This year’s version of the annual Federal Employee Viewpoint Survey reflected long-expressed praises and complaints about the federal workplace, although overall positive scores continued to inch up, in part reflecting agency responses to results of that survey over the years.

The highest positive response, from 96 percent of respondents, was to a question asking whether they are willing to put in the extra effort when needed to get a job done. Ninety-one percent said their work is important, the same percentage said they are always looking for ways to do their work better, and 83 percent said they like what they do, and the same percentage had positive views of the their unit’s quality of work.

However, the nearly 500,000 employees who responded to the survey conducted in the spring have a far dimmer view of the payoff of their efforts. The highest negative response, 47 percent, was to a question asking whether pay depends on how well employees perform their jobs, and 36 percent disagreed that promotions are based on merit while the same percentage disagreed that differences in performance are recognized in a meaningful way. Meanwhile 42 percent said steps are not taken to deal with poor performers in their work units.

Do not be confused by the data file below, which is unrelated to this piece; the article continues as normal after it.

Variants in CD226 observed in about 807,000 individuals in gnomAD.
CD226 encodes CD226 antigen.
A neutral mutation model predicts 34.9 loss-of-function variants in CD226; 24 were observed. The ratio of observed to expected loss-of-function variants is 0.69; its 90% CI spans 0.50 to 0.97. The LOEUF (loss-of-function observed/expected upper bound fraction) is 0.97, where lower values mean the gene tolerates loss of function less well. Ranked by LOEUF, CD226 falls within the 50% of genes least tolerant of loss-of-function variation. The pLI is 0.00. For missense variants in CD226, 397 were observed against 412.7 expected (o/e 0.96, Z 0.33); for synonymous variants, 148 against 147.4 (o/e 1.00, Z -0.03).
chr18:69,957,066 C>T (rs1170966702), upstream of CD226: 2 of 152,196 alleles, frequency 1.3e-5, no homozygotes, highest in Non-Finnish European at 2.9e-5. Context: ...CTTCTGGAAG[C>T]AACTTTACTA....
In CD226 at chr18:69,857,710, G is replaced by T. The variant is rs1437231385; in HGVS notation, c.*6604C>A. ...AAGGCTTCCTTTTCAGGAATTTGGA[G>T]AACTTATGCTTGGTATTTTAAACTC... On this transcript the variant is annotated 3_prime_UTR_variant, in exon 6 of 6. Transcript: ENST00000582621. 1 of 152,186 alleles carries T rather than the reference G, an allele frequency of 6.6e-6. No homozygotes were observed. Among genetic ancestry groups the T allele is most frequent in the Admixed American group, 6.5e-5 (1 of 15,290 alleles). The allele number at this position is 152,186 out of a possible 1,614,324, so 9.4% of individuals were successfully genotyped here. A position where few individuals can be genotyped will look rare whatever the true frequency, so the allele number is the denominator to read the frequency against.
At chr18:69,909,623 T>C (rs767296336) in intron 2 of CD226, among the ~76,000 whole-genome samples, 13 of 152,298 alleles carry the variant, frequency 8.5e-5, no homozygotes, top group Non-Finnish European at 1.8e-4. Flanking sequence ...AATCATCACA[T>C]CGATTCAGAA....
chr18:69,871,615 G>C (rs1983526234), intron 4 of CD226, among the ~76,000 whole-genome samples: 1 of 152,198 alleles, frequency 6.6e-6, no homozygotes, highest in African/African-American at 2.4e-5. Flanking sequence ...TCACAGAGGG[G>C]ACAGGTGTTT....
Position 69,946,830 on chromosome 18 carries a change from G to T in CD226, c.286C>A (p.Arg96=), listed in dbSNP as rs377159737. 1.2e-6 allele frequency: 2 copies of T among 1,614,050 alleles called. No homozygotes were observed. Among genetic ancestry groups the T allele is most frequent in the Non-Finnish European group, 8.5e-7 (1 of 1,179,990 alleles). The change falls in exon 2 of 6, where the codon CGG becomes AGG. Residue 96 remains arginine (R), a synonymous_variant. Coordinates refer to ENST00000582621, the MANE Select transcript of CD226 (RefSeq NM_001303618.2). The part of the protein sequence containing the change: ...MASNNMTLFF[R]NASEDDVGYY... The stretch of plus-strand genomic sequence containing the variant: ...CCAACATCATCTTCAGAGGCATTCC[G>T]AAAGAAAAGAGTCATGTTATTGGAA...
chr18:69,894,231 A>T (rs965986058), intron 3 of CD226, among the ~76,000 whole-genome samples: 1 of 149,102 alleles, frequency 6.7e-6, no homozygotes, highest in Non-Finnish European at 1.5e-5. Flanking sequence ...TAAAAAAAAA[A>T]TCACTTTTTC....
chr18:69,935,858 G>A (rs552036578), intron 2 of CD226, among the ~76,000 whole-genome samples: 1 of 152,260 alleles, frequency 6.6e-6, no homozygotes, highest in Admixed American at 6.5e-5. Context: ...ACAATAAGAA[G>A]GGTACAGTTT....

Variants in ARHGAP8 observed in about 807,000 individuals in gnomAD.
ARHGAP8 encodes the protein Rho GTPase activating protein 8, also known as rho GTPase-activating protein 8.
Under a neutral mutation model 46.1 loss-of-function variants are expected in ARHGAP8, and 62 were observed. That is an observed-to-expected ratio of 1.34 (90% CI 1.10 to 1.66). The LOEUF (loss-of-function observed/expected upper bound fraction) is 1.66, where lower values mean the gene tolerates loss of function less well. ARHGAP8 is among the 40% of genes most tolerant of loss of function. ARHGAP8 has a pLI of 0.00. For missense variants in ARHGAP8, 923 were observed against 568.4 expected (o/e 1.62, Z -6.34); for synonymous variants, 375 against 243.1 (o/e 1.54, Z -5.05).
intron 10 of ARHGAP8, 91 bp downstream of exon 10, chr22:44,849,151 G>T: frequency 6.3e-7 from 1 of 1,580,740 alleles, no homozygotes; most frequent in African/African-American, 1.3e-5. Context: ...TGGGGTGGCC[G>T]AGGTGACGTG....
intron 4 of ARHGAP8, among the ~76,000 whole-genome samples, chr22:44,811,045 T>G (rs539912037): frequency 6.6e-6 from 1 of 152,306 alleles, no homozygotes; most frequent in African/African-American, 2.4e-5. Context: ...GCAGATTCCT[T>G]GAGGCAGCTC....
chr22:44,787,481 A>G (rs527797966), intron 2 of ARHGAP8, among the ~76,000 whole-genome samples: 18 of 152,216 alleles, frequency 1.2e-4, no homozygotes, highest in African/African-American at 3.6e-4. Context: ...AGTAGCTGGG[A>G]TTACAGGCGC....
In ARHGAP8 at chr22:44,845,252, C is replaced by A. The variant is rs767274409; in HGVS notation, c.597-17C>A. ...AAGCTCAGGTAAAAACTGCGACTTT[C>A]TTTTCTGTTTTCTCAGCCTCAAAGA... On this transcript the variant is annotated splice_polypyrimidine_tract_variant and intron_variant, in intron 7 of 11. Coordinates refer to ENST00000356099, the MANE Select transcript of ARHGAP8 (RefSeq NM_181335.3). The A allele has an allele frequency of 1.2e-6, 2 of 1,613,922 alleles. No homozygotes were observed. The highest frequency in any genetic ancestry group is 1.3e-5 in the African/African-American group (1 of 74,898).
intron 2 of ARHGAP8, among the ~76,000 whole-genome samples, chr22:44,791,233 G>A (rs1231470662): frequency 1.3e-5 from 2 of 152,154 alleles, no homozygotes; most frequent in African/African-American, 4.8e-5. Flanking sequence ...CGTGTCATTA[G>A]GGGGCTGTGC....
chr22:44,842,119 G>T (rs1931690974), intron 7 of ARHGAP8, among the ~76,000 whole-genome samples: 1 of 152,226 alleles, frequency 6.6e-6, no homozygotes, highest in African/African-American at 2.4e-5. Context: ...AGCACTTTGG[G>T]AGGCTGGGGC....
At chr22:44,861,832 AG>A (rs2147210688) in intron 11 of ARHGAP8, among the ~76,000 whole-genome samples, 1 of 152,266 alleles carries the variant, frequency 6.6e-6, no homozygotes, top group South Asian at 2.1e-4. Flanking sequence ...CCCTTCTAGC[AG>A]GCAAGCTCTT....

Of the 84 questions asked on the survey, OPM said, 64 improved by at least 1 percentage point from the 2016 survey and over half increased by 2 percentage points or more. “These findings are an indication that the sustained efforts agencies have made to improve engagement, and employee satisfaction and inclusion are being recognized by the federal workforce,” it said.

By agency, HHS ranked at the top among very large agencies in the index of overall employee satisfaction at 71 percent positive; NASA among large agencies at 80 percent; the SEC among medium sized agencies at 82 percent; the Federal Mediation and Conciliation Service among small agencies at 87 percent; and the Marine Mammal Commission among very small agencies at 92 percent.